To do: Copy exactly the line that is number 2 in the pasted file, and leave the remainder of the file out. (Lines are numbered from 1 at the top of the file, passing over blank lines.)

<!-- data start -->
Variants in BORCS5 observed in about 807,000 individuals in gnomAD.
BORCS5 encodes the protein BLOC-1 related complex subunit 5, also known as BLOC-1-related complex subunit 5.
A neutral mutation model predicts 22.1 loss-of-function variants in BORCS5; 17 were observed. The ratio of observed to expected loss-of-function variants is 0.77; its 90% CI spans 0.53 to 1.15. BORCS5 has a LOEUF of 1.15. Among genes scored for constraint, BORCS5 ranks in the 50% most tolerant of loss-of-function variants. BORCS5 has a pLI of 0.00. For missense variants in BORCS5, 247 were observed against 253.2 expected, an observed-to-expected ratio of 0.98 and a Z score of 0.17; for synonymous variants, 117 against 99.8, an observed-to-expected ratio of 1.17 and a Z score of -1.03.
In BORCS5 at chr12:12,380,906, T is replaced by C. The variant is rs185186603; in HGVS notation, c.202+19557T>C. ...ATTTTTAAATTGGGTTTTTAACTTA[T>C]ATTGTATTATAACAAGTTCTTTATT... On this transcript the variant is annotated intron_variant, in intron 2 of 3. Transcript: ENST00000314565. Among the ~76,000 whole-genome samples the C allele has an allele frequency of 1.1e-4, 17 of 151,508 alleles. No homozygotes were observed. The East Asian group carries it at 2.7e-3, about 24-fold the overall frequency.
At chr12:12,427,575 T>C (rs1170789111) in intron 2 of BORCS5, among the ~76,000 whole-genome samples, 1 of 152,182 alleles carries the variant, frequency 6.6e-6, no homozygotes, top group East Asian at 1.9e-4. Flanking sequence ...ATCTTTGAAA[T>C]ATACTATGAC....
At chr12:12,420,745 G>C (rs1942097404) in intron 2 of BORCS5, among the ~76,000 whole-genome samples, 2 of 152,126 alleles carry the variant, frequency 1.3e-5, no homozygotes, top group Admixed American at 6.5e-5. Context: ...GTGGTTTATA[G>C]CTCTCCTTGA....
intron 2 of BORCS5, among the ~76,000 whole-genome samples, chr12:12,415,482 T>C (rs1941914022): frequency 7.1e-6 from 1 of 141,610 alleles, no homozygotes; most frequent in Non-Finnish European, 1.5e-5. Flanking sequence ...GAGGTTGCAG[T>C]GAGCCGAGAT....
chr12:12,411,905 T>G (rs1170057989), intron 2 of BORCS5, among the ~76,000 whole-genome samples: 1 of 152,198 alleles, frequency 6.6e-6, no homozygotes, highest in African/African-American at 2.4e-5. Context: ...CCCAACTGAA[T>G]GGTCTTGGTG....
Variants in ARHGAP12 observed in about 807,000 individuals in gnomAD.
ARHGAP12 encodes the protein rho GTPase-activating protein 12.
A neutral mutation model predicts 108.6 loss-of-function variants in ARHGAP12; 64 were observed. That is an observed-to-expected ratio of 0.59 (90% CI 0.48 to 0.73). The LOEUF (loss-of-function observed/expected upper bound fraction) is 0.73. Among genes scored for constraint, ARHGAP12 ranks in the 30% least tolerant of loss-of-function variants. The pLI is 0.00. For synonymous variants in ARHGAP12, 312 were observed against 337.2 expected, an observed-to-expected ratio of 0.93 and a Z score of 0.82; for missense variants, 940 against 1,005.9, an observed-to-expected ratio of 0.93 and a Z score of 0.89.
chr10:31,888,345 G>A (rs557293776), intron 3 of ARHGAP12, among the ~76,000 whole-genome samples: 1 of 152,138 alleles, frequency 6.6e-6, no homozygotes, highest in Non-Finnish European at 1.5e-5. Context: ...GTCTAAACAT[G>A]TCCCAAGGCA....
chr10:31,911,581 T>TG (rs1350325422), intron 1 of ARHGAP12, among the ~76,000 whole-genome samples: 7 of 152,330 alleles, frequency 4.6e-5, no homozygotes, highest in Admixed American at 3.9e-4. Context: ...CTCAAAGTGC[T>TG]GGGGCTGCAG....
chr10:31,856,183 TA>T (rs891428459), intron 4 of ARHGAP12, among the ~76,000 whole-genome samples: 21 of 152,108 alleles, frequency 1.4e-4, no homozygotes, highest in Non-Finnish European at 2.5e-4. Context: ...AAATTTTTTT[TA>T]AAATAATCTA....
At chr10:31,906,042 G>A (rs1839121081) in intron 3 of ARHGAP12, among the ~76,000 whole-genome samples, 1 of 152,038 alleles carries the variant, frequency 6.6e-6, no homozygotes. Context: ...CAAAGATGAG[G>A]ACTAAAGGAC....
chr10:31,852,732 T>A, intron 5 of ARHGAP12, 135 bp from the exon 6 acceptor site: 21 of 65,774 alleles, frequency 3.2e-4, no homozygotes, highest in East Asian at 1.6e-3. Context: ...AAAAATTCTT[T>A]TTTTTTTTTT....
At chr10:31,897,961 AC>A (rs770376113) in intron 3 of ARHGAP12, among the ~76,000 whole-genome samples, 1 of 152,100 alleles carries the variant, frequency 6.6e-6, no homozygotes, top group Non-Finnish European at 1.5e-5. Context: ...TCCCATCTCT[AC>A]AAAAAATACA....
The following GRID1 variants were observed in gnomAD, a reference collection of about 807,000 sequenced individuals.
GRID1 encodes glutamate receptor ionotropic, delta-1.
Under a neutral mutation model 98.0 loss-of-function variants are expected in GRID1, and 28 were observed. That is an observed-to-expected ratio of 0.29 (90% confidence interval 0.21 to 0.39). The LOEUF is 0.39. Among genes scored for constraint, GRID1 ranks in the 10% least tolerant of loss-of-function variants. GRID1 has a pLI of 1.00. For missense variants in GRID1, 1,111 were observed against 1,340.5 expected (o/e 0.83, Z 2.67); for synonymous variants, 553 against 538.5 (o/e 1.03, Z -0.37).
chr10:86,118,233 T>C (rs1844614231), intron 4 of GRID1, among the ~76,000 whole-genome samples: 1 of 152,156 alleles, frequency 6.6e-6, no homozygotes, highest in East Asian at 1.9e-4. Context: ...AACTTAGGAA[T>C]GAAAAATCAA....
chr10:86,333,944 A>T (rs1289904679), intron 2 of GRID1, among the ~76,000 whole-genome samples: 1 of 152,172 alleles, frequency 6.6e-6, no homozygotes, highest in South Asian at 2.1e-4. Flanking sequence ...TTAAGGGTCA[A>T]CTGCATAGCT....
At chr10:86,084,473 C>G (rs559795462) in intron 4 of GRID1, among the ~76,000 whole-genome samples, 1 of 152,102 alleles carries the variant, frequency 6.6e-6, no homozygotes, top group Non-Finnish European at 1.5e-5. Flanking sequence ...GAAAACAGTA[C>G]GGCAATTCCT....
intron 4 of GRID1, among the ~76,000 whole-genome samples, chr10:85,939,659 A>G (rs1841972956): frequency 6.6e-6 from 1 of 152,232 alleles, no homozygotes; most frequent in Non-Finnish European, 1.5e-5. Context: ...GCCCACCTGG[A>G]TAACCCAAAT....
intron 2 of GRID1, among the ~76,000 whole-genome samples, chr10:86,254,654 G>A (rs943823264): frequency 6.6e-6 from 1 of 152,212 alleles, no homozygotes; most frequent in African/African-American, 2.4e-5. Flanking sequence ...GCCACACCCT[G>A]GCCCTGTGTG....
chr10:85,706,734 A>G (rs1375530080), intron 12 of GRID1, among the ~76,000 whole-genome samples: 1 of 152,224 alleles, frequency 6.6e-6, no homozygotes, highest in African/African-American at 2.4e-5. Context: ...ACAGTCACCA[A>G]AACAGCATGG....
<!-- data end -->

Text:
BORCS5 encodes the protein BLOC-1 related complex subunit 5, also known as BLOC-1-related complex subunit 5.